Querying NoSQL databases typically requires developers or data scientists, which will be more costly and less efficient.
How often will you query your data, and who will run these queries? The answers to these questions will impact your SQL or NoSQL decision.
SQL and NoSQL databases scale differently, so you’ll have to think about how your data set will grow in the future.
SQL databases scale vertically, meaning you’ll need to increase the capacity of a single server (increasing CPU, RAM, or SSD) to scale your database. SQL databases were designed to run on a single server to maintain the integrity of the data, so they’re not easy to scale.
NoSQL databases scale horizontally, meaning you can add more servers to power your growing database. This is a huge advantage that NoSQL has over SQL.
The ability of NoSQL databases to horizontally scale has to do with the lack of structure of the data. Because NoSQL requires much less structure than SQL, each stored object is pretty much self-contained and independent. Thus objects can be easily stored on multiple servers without having to be linked. This is not the case for SQL, where each table row and column needs to be related.
An analogy for vertical and horizontal scaling is a wedding cake. With SQL, you can feed more people by adding more layers to the wedding cake. With NoSQL, you can just make a bunch of wedding cupcakes. Yum.
As your business grows, so will your database. So make sure you consider your scaling needs.
The convergence of SQL and NoSQL
Both SQL and NoSQL databases have their pros and cons. As such, there has been a movement to take the best characteristics of both types of databases and integrate them so users can realize the best of both worlds.
For instance, MySQL, the most popular open-source relational database, offers MySQL Document Store. This provides the structure of a MySQL database combined with the flexibility and high availability of NoSQL without having to implement a separate NoSQL database.
MongoDB, one of the most popular NoSQL databases, offers multi-document ACID transactions.
AWS’ managed NoSQL database, DynamoDB, also provides ACID-compliant transaction functionality.
And with the easy database setup that cloud service providers offer, you have the ability to use both SQL and NoSQL databases in your cloud data architecture to meet your data storage needs.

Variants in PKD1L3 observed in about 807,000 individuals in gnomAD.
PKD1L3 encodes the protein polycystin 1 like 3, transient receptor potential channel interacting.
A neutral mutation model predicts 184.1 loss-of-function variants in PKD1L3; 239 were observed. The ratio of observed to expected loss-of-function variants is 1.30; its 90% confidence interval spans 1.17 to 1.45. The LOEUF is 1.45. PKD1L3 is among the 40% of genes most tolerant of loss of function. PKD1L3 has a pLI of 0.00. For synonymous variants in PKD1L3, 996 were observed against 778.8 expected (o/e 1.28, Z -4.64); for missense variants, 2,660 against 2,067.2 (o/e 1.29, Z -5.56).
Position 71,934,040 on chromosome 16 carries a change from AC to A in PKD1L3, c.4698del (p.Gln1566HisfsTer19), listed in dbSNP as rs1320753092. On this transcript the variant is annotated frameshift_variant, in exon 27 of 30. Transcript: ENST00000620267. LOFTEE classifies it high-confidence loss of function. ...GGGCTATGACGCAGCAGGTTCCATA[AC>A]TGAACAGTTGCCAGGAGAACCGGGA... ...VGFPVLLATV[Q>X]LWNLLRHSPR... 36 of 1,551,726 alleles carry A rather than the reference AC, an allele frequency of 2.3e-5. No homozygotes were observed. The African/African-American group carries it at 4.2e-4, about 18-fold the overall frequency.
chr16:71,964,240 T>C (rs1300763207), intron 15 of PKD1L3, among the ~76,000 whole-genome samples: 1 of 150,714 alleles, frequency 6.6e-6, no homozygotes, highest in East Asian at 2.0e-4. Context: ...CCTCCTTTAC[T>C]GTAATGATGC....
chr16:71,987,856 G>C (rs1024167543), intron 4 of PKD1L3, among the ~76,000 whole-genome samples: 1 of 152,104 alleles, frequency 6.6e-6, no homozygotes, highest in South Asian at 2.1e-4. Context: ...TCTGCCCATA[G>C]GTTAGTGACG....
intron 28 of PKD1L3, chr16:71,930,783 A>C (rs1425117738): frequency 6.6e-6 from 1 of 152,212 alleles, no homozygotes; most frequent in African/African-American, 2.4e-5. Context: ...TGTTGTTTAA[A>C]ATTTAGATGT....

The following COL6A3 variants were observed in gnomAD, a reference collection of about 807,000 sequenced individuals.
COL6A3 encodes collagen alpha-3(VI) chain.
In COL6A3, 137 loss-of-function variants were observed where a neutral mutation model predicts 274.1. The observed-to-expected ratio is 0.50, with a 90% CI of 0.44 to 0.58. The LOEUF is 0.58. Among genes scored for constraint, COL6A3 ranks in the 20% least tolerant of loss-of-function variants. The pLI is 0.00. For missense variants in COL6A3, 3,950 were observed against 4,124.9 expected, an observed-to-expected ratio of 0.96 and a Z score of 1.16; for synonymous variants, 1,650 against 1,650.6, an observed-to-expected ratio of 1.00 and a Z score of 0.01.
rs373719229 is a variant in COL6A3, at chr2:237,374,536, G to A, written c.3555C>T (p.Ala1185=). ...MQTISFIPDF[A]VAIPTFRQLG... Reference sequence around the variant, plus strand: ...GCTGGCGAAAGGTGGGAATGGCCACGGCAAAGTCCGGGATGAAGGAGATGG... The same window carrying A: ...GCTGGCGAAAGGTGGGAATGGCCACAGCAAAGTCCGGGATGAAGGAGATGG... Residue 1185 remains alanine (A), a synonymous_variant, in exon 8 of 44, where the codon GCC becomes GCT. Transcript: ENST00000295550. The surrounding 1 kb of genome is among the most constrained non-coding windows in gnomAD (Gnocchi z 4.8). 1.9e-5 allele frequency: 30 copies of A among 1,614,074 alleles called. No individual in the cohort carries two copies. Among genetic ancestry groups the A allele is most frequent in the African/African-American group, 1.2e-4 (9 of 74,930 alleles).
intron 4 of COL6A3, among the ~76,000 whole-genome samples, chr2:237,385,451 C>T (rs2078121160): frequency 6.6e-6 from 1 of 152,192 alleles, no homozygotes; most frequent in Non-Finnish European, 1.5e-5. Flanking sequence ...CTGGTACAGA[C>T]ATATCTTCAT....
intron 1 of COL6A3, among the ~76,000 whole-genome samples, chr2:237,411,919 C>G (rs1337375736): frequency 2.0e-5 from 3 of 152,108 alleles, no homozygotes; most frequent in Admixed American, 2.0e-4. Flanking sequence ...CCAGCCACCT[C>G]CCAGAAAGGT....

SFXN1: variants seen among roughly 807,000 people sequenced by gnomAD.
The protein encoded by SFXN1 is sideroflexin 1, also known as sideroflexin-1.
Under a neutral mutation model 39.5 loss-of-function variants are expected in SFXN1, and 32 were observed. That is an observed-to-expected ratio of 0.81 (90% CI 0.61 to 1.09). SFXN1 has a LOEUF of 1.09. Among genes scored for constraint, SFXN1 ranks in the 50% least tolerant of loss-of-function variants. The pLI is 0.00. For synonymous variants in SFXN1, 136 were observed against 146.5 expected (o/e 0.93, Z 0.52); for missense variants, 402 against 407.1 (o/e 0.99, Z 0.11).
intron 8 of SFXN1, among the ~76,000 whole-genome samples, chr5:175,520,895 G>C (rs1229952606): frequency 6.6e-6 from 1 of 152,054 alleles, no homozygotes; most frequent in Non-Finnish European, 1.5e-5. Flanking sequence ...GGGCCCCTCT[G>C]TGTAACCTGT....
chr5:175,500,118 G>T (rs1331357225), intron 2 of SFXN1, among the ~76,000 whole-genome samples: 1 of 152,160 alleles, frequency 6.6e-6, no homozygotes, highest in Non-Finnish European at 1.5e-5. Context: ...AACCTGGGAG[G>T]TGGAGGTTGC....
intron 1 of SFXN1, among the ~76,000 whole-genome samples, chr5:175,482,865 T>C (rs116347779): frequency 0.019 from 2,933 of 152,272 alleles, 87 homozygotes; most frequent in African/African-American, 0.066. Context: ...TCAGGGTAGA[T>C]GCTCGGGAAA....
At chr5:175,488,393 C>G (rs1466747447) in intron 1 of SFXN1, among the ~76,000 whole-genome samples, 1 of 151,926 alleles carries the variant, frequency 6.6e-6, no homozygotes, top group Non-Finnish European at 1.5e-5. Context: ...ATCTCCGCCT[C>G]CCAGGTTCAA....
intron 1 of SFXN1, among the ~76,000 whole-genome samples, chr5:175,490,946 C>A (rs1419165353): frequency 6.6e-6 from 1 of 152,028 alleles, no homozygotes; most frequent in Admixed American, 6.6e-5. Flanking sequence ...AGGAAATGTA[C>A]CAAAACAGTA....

Now you have much more flexibility regardless of whether you choose a SQL or NoSQL database, and there are sure to be more flexible options in the future.
Regardless of whether you go with a SQL or NoSQL database (or both!), there are plenty of options to choose from.
On-premise SQL database offerings include:
- MySQL – as mentioned prior, the most popular open-source relational database
- Microsoft SQL server – Microsoft’s enterprise version of SQL
- PostgreSQL – and enterprise-level, open-source database focused on extensibility
- Oracle – full-service (and expensive) SQL option
- MariaDB – an enhanced version of MySQL, built by MySQL’s original developers
- And many more
The major cloud service platforms have their own SQL options:
- AWS has:
- RDS, their standard cloud SQL database
- Aurora, which focuses on increased throughput and scalability
- Microsoft Azure has:
- Azure SQL Database, their managed database-as-a-service
- Azure Database for MySQL, PostgreSQL, and MariaDB
- Google Cloud Platform (GCP) has:
- Cloud SQL, which you can use for MySQL and PostgreSQL
- Cloud Spanner, which combines elements of SQL and NoSQL
On-premise NoSQL database options include:
- MongoDB – by far the most popular NoSQL database
- Redis – an open source, distributed, in-memory key-value database that is super fast
- Cassandra – free, open-source NoSQL database created by Facebook that focuses on scalability and high availability
- Many others
Cloud service providers offer plenty of NoSQL options as well:
- AWS has:
- DynamoDB, its managed NoSQL database
- DocumentDB, a fast, scalable, highly-available MongoDB-compatible database
- Microsoft Azure offers:
- CosmosDB, its globally distributed, multi-model database
- Google Cloud has:
- Bigtable, its NoSQL wide-column database service
- Cloud Datastore, its NoSQL document database service
- Cloud Firestore, a cloud-native NoSQL document database that helps store and query app data
There is no shortage of database options to choose from!
There are plenty of decisions to be made when thinking about your cloud data storage. One of the most important decisions is whether to go with a SQL or NoSQL database as your primary database, and whether you may need both to meet your needs.
You’ll need to think about what your data looks like, how you’ll query your data, and the scalability you’ll need in the future.
SQL databases provide great benefits for transactional data whose structure doesn’t change frequently (or at all) and where data integrity is paramount. It’s also best for fast analytical queries.
NoSQL databases provide much more flexibility and scalability, which lends itself to rapid development and iteration.
We hope this guide helps clear the air on what you need to think about when selecting your database, and the options that are available to you.
What additional questions do you have about selecting a database? Let us know your thoughts in the comments, we’d love to hear from you.
In our next post, we’ll review additional cloud data storage components, such as data warehouses and data lakes. To be notified of future Big Data in the Cloud posts, make sure you sign up for our mailing list below.